This time of year, it’s common to see Valentine hearts pretty much everywhere. And while it’s great to celebrate with your loved ones in the spirit of St. Valentine, there’s another heart you shouldn’t be neglecting (hint: it’s the one keeping you alive!). If you’ve been keeping up with our blog for awhile, you already know how to recognize the signs of heart attacks and strategies to maintain your cardiovascular health (and if you haven’t seen those blog posts yet, go check them out!). Today, we’re addressing common myths about heart disease, just in time for American Heart Month.
MYTH: Heart failure occurs when your heart stops beating.
FACT: That’s actually cardiac arrest! Heart failure, on the other hand, simply means that your heart isn’t pumping blood as well as it should. The symptoms of these two conditions also differ: a person in cardiac arrest may fall unconscious and stop breathing, while a person with heart failure may experience a persistent cough, shortness of breath, or swelling of the feet and ankles.
MYTH: Women, especially young women, don’t need to worry about heart disease.
FACT: Heart disease kills over a fourth of women and men, so no one should get too complacent. The same risk factors that predispose men to heart disease (such as obesity, high blood pressure, and Type II diabetes) also put women at risk. However, men are more likely to get heart attacks in their mid-50s, while women are more likely to get them in their mid-60s.
MYTH: It’s dangerous to exercise if you have heart disease.
FACT: If anything, it’s dangerous not to! If you’ve been diagnosed with heart disease, you should make an exercise plan that works with you for your doctor and be sure to follow it. Exercise helps strengthen your heart muscle, and it’s been found to reduce the likelihood of people with heart disease having a first or another heart attack. Studies have also shown that heart attack survivors who implement healthy changes and start exercising regularly tend to live longer than those who don’t.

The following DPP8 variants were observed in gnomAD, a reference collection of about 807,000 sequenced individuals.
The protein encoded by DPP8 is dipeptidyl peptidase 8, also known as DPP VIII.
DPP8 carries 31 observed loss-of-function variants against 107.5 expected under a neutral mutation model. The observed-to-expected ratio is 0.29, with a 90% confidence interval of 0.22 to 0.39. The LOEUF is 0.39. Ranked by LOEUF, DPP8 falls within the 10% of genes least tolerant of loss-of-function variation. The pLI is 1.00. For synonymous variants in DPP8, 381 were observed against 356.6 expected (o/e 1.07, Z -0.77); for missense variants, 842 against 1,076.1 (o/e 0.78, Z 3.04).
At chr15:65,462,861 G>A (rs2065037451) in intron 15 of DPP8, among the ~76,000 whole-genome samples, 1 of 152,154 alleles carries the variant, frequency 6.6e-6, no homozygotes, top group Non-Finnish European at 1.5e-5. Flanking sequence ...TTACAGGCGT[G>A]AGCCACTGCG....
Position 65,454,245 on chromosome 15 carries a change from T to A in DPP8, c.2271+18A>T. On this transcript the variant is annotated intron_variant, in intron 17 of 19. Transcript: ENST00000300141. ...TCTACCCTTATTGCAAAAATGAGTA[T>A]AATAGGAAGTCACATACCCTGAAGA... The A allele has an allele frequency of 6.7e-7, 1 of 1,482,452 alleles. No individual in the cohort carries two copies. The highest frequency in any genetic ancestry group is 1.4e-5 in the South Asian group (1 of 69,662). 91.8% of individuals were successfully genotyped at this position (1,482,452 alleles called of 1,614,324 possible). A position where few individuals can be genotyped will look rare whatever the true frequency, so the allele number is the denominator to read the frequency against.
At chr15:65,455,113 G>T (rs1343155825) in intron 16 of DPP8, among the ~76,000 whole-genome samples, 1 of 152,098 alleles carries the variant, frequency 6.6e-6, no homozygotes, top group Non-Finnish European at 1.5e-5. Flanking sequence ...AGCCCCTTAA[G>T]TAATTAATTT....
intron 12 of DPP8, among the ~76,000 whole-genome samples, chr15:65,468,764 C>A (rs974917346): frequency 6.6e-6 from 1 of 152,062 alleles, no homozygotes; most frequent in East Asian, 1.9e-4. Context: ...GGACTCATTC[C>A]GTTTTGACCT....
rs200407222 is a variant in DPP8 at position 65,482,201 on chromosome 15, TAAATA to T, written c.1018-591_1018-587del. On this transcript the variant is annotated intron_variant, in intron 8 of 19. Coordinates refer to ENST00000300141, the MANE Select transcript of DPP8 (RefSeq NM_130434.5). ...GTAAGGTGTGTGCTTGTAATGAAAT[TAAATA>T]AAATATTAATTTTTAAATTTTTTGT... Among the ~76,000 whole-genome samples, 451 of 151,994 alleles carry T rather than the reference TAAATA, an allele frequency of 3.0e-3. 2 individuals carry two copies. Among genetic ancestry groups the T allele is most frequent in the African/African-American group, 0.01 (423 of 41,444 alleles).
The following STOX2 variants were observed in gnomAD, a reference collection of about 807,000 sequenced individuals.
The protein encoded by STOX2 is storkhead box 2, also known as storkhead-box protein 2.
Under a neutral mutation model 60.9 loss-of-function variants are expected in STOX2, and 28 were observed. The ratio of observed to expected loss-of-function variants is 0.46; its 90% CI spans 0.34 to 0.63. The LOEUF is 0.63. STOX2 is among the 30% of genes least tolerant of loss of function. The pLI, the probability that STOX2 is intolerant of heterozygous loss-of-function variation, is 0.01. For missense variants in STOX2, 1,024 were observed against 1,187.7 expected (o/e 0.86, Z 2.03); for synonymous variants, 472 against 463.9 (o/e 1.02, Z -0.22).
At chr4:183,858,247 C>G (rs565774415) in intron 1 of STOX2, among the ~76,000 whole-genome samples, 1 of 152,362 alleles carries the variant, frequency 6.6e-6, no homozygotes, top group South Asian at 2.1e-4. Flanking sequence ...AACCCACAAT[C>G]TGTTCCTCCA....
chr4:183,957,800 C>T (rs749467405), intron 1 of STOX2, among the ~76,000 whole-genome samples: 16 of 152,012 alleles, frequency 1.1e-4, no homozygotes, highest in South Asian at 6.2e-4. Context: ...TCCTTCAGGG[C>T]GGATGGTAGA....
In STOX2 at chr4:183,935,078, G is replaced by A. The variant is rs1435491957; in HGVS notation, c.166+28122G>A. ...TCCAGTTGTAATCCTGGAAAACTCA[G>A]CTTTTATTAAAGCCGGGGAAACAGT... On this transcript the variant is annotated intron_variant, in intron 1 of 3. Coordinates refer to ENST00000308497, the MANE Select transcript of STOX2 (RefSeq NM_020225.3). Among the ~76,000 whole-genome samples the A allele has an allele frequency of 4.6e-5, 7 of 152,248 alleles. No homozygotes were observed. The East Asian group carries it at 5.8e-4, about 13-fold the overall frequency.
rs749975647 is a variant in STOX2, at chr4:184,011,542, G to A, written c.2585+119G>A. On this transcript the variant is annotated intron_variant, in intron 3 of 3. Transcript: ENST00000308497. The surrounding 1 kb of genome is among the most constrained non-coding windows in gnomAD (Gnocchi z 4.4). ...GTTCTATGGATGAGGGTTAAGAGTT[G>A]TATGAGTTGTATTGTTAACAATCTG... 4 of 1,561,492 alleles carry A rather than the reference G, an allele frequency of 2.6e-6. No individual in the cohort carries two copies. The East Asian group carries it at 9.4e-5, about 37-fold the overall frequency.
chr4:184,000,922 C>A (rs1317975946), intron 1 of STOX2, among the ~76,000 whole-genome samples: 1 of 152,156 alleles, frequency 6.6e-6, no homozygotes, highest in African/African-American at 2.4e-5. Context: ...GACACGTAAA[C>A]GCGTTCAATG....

MYTH: You don’t need to think about your cholesterol levels until you’re middle-aged.
FACT: You should get your cholesterol levels checked beginning at age 20 (and maybe even earlier if heart disease runs in your family) and at least every 5 years after that. Meanwhile, you should continue eating a healthy diet low in saturated and trans fats and getting enough physical activity, so that your cholesterol remains at a healthy level.
MYTH: If heart disease runs in your family, there’s nothing you can do to prevent it.
FACT: Genetics is just one piece of the puzzle. Although you may be at higher risk if you have a family history of heart disease, you can still take steps to significantly reduce your chances of developing heart disease: get enough physical activity, keep your cholesterol level, blood pressure, and blood sugar at a healthy level, and quit or don’t start smoking.
Despite an estimated 80% of cardiovascular disease being preventable, it continues to claim the lives of nearly 1 in 3 Americans today. This Valentine’s Day, show yourself some love and commit to keeping your real heart in the best shape possible. And as always, stay healthy and stay safe!
–The Wellness & Stress Clinic Team